Last night I was in Oakham, Rutland to chair an election hustings organised by the Federation of Small Businesses, and a very lively event it was too. The panel consisted of local MP Alan Duncan, his Labour and LibDem opponents and two local businesspeople. The evening started on a controversial note when the UKIP candidate complained he had not been invited onto the panel. As soon as he opened his mouth, it became clear why. If I had allowed him to he would have sent the 100 strong audience to sleep within minutes. 

Anyway, that's not the point of this post. The point is this. After the evening had ended, I tweeted that I had found the LibDem candidate, Grahame Hudson, very impressive but the Labour candidate less so. In fact, not at all. Immediately, I was bombarded by LibDems who presumed that I would therefore support Hudson over Alan Duncan (as if) and by one or two Conservatives who felt it was terrible of me to say anything nice about a political opponent.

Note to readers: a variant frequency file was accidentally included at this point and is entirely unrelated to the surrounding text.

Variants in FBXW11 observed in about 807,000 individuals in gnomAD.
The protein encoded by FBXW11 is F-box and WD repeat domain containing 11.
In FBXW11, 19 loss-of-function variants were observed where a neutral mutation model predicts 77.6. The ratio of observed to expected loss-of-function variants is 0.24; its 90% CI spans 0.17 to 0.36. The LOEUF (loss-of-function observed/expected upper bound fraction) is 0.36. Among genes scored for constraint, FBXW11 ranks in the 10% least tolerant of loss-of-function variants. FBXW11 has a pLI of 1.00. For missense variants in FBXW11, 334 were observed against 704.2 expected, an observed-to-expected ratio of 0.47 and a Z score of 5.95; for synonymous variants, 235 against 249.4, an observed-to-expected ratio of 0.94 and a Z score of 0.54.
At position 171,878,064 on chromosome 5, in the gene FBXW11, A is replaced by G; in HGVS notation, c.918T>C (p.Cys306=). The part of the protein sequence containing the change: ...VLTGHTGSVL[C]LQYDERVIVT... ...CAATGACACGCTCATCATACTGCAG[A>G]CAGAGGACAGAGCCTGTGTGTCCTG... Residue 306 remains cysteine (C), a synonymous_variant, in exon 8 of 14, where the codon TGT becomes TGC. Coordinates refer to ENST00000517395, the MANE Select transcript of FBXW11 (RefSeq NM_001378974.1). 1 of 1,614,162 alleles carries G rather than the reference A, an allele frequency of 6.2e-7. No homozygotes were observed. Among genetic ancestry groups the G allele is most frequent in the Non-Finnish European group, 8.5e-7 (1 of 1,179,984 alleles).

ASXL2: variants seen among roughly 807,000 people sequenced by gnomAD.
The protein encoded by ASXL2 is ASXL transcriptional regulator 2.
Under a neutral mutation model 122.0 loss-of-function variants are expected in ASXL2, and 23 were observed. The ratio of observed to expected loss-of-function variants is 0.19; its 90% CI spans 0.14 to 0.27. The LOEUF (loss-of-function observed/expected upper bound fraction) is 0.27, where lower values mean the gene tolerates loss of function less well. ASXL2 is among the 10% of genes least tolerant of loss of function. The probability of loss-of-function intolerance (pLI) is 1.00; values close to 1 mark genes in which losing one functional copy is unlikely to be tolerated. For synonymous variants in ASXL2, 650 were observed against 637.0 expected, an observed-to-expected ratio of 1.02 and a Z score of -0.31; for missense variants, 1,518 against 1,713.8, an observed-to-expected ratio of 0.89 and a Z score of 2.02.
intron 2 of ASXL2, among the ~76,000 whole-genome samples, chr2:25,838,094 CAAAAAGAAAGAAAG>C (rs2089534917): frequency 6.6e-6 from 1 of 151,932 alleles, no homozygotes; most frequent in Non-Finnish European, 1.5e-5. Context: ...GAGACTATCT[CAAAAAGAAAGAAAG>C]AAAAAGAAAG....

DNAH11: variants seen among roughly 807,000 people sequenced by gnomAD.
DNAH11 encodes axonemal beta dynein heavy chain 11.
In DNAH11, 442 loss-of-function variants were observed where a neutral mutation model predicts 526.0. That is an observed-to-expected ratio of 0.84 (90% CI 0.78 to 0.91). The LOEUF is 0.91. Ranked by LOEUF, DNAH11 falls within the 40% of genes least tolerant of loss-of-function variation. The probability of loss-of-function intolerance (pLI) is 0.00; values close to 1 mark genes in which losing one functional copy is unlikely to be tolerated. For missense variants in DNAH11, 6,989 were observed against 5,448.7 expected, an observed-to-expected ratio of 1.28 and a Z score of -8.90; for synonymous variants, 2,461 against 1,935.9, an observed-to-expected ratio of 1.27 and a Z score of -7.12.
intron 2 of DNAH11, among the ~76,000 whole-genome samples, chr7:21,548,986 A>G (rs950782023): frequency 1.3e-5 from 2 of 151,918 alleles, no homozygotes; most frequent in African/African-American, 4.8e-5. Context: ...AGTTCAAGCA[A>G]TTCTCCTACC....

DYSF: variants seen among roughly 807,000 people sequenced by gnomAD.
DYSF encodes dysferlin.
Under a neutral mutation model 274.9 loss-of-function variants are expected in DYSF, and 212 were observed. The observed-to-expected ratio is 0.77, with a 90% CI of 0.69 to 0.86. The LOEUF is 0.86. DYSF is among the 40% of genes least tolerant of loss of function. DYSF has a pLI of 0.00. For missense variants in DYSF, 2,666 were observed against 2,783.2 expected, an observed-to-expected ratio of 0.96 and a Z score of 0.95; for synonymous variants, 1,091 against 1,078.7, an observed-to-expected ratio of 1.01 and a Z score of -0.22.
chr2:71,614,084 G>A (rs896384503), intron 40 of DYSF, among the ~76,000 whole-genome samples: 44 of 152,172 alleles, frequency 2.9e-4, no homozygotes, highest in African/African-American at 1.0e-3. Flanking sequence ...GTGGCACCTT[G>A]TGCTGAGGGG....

Doesn't this just illustrate what's wrong with politics? In the hustings, both Alan and Grahame often agreed with each other. Indeed, to be fair the Labour guy, John Morgan, agreed with the other two very occasionally. 

And there's nothing wrong with that. It doesn't mean anyone's about to defect. It doesn't mean you're betraying your own party when you find common cause with others. Just because you can admit to finding an opponent impressive, does not mean you are encouraging others to vote for them.